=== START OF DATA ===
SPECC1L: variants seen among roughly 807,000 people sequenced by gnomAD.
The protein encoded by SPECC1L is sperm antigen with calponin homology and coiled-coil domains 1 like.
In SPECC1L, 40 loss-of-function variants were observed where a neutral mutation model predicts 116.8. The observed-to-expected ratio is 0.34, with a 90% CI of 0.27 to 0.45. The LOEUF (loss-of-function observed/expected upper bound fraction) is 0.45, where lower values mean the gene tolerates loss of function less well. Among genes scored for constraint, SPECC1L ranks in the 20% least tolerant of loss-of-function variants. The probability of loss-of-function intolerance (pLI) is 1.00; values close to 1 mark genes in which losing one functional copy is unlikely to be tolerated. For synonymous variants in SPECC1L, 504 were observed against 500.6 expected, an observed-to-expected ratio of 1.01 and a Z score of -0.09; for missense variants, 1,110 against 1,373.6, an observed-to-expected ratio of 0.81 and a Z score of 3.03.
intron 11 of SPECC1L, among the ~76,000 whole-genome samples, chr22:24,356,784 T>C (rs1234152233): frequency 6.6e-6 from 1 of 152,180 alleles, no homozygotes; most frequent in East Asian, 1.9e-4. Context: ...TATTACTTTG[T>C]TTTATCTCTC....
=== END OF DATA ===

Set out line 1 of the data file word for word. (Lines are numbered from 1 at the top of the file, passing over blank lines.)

SPECC1L: variants seen among roughly 807,000 people sequenced by gnomAD.